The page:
The Phoenix Suns won 48 games last season, surprising everyone and nearly reaching the playoffs for the first time since 2010.
They didn’t, though, which means there’s room to improve.
Blessed with plenty of draft picks and ample cap space, the Suns would appear to be in prime position to do exactly that as the NBA’s free agency season has opened.
But what exactly, in a market filled with mega stars who they may not have a shot at and past-their-prime stars who they may not want to overpay, should the Suns do?
“It’s tough to say,” ESPN NBA writer Tom Haberstroh told Bickley and Marotta on Arizona Sports 98.7 FM Wednesday. “I don’t think they need anyone. I think they really don’t need to buy any free agents out there to make them necessarily that much better.”
Haberstroh said the Suns, for instance, could go out and try to sign a player like Trevor Ariza, but it would make more sense for them to re-sign restricted free agent P.J. Tucker, who brings similar skills to the table.
Of course, while Haberstroh’s idea — and perhaps the Suns’ plan — may be prudent, it’s not exactly sexy. It’s a lot more fun to see a team add big name talent, so standing pat and banking on continued improvement from a young team may not be enough to excite the masses.
But that doesn’t mean it would be the wrong approach.
“I really don’t think they need to make any big moves,” Haberstroh said. “Maybe get some more front-court depth but there are not a ton of names out there for that.”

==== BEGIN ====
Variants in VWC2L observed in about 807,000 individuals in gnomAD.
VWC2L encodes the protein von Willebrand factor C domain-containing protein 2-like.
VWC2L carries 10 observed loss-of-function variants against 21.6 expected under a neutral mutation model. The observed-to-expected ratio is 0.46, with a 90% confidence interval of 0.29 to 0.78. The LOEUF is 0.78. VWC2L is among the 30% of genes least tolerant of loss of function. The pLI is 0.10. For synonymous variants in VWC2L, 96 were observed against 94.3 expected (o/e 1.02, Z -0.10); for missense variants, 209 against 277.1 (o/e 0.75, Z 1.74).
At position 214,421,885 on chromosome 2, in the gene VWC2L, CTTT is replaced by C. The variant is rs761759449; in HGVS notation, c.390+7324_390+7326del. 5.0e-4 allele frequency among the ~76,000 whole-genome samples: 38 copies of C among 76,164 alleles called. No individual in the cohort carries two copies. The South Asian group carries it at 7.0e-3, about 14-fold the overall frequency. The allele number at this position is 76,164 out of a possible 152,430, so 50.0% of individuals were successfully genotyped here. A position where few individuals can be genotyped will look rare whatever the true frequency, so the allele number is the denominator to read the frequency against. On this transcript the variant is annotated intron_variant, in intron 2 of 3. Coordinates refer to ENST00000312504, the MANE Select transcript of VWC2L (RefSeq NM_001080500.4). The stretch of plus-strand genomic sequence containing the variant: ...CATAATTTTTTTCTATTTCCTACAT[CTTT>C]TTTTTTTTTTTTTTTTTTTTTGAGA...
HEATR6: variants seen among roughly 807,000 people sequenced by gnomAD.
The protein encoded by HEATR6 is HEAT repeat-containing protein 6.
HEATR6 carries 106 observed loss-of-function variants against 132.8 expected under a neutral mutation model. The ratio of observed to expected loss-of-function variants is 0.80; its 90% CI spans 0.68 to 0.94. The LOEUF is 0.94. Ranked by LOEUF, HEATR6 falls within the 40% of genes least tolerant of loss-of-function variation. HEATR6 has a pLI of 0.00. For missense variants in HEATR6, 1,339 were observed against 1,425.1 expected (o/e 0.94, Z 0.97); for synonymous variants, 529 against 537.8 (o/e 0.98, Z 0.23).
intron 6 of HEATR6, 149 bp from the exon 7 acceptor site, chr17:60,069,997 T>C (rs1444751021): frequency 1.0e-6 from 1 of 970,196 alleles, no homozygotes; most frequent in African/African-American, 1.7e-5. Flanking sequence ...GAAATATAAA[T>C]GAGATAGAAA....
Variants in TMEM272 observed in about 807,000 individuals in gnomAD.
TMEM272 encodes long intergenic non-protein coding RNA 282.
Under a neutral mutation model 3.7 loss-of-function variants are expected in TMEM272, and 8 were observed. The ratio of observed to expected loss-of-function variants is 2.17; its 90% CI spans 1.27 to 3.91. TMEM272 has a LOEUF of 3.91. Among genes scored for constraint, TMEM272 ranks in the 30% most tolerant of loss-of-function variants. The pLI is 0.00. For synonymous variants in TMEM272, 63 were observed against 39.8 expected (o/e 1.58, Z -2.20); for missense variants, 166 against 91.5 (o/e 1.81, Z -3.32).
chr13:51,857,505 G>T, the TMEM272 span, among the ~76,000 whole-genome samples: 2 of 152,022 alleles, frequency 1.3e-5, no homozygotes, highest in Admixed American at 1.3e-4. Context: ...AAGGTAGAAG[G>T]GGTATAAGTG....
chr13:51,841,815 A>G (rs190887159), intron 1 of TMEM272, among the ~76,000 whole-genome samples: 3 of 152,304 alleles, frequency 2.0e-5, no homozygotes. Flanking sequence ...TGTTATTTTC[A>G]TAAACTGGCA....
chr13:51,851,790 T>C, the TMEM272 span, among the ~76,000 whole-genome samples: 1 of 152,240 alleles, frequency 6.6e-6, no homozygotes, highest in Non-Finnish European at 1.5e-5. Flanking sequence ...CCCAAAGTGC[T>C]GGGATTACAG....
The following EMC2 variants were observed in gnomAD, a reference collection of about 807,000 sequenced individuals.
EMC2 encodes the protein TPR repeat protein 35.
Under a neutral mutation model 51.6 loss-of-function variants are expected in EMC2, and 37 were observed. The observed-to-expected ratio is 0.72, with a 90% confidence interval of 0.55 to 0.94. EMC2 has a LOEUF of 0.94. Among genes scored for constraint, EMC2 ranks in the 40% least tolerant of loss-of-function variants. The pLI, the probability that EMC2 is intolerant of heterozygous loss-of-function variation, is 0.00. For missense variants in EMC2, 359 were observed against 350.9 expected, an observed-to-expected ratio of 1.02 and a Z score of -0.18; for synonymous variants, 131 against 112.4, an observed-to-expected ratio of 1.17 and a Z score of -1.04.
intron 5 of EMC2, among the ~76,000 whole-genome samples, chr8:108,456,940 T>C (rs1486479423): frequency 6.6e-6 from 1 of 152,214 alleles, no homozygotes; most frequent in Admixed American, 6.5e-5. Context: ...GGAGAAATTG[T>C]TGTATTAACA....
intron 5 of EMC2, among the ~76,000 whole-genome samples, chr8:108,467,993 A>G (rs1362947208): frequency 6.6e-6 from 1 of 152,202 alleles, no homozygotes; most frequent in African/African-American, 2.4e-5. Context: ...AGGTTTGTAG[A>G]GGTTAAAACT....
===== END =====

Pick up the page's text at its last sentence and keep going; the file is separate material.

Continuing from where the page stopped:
One name he did mention was Josh McRoberts, a 27-year-old forward who has played seven NBA seasons and posted career averages of 5.7 points and 4.2 rebounds per game with the Trail Blazers, Pacers, Lakers, Magic and Bobcats.
Last season he started 78 games, playing 30.3 minutes per contest and averaging 8.5 points to go along with 4.8 rebounds and 4.3 assists.
“Josh McRoberts could really look good in that offense,” he said. “That’s one name that they probably want to look at as a guy that can pass the ball and, obviously, in Phoenix where they’re such an unselfish team, that could be a really good fit. And he can spread the floor a little bit.
“So that’s a good name, not an expensive piece but he can probably help you a little bit, especially for some insurance for Channing Frye.”
Frye, unlike with the aforementioned Tucker, is not a restricted free agent, meaning the Suns do not hold a right to match any offer he signs with another team. If he wants to leave, he’ll leave.
Like Tucker, though, Frye has given little indication that he’s itching to skip town. The same can be said for Eric Bledsoe, who is a restricted free agent, though that doesn’t mean some aren’t nervous about the rising star’s intentions heading into the summer.
But Haberstroh says there’s no reason to worry about the team losing half of its dynamic backcourt.
“I really do believe that they covet him and they absolutely want to see this kid keep on developing,” he said. “He’s already a two-way force in this league and he’s just getting started. I don’t think they want to get rid of that just yet.”